More wanderlust today. Maybe it’s the rain, and being cooped up inside. Maybe it’s the consistent doom and gloom in the news. Maybe I just like to think about sunny days at the beachside? Today I’ve got beautiful Portugal on my mind. I adore Portugal. The warm and friendly people. The colourful landscape. The stunning UNESCO heritage cities dotted all over with the most amazing tiles. The old fashioned trams and winding streets, and yes, oh yes, the food. And what food could be more associated with Portugal than the Pastéis de Nata – the Portuguese custard tart?
Everything I ate in Portugal was delicious. I conquered what is possibly the worlds greatest sandwich, the towering Francesinha of Porto. We sampled dried and salted cod, Bacalhau, sitting by the sunny harbour. We ate more seafood in the form of tinned sardines, presented like tiny treasures alongside a tasting flight of different ports, and they were wonderful. But what grabbed my attention was the bakeries. Wandering the streets in the early morning, the scent of baked goods seems to waft through the air, drawing you ever closer to a window displaying mountains of pastries, tarts, rolls, cheesecakes and more. Let me tell you, the smell of fresh Pastéis de Nata, can’t, and shouldn’t be resisted.
Pastéis de Nata were invented at Jerónimos Monastery in Belem, near Lisbon. When the monastery was dissolved in 1834, the carefully guarded recipe was sold to the owners of the Fábrica de Pastéis de Belém, where they are still being made to the original recipe today! While very few people know the actual secret recipe, the basic ingredients of buttery puff pastry, and sweet cinnamon and lemon custard will be delicious in just about any combination. Pastéis de Nata are very quick and simple enough to make at home, and the ingredients are quite frugal (thank the monastery for that). So, even if it’s raining where you are, you can have a taste of sunny Portugal in your kitchen at home. Do you have a favourite memory of Portugal? Let me know in the comments below!
Pastéis de Nata - Custard Tarts
for the pastry:
- 275 g ready-rolled puff pastry
- 2 tsp sugar
- 1 tsp cinnamon
- butter to grease baking tin
for the syrup:
- 125 g sugar
- 100 ml water
- 1 cinnamon stick
- 2-3 pieces lemon peel
for the filling:
- 2 egg yolks
- 1 whole egg
- 300 ml milk
- 2 Tbsp cornflour / corn starch
- icing sugar for dusting
- Remove puff pastry from the fridge and allow to warm for 10 minutes at room temperature. Butter a 12 hole muffin tin and set aside. Unroll the pastry and cut in half. Mix the cinnamon and sugar, scatter over the piece of pastry on the left, then place the other piece on top. Roll up the pastry from the short side into a tight roll, then cut into 12 even pieces.
- Place the pastry pieces with the spiral facing up, dust with a little flour, then roll out flat. Press each into the prepared muffin tin, leaving a centimetre of pastry overhanging the rim. Chill until needed.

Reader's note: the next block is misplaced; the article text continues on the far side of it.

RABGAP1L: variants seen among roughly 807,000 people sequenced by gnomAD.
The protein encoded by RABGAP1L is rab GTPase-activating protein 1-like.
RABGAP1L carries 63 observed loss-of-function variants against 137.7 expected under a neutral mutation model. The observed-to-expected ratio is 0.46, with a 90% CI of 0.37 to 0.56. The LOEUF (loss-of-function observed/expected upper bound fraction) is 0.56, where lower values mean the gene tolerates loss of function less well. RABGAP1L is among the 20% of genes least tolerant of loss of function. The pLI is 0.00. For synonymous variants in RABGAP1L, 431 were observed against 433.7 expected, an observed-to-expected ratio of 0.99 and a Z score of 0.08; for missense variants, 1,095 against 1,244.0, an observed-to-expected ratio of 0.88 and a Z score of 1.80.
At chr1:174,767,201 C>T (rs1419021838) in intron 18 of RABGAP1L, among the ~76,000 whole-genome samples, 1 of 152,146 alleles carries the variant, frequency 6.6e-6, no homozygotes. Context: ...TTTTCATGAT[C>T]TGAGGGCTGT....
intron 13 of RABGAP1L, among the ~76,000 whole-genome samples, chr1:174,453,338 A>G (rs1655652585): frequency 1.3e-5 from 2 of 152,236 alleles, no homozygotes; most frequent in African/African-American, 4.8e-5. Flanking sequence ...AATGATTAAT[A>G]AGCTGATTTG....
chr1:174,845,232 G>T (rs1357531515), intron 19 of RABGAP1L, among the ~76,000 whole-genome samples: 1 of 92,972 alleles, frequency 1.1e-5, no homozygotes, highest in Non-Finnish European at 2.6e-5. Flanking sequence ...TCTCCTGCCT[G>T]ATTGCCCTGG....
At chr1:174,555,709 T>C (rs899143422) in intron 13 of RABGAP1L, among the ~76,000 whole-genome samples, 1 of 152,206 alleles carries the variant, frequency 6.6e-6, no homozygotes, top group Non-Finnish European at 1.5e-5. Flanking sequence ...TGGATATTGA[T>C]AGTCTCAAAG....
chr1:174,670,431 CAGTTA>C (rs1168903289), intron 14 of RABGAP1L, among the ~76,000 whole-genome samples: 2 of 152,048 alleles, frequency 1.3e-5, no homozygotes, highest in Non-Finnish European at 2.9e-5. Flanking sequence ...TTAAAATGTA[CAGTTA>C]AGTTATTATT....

- Heat the oven to 220°C / 425°F / Gas 7, with a baking tray in the top third of the oven.
- To make the syrup, whisk together the sugar and water in a small saucepan over medium heat until the sugar is dissolved. Add the cinnamon stick and lemon peel and simmer, uncovered for 5 minutes. Remove from the heat and set aside.
- To make the filling, whisk together the egg yolks, egg, milk and cornflour until well combined. Cook over medium heat, whisking constantly until the mixture begins to thicken and bubble. Pour in the sugar syrup while whisking constantly, cook for another minute or two until the mixture is thick again, then remove from the heat. Strain into a heatproof bowl or jug through a sieve to remove any lumps.
- Spoon a generous tablespoon of the custard into each of the pastry cases, then cook in the oven for 15-20 mites until golden, puffed and beginning to scorch. Every oven heats differently so this may take a little longer or a little less, keep an eye on them after 15 minutes.
- When the tarts are cooked, remove from the oven and allow to rest for 5 minutes. Use a small sharp knife to loosen the tarts from the tin if necessary, then transfer to a wire rack to cool. Dust generously with icing sugar before serving.
FREQUENTLY ASKED QUESTIONS
I don’t like cinnamon! Can I leave it out?
Yes absolutely, do sweeten the puff pastry with plain sugar as ready-made puff pastry is often on the savoury side. You might like to add a little vanilla or other flavourings to the syrup instead. Orange blossom would be nice.
I only have a 6 hole muffin tin! What do I do?
That’s fine, you’ll see in the pictures that I make these in 3 four hole muffin tins! Just make 2 batches, – keep the pastry in the fridge between the two, and place a piece of cling film directly on the surface of the custard so that it doesn’t form a skin.
The tops of my Pastéis de Nata aren’t scorching – help!
While the scorched effect is traditional, it’s not necessary. If you have followed the recipe and your baking tray is in the top third of the oven they should scorch, latest around the 20-minute mark. If not it may be possible that your oven is running cool. In the meantime, you can always switch the grill/broiler on for a minute or two to give the tops a final blast.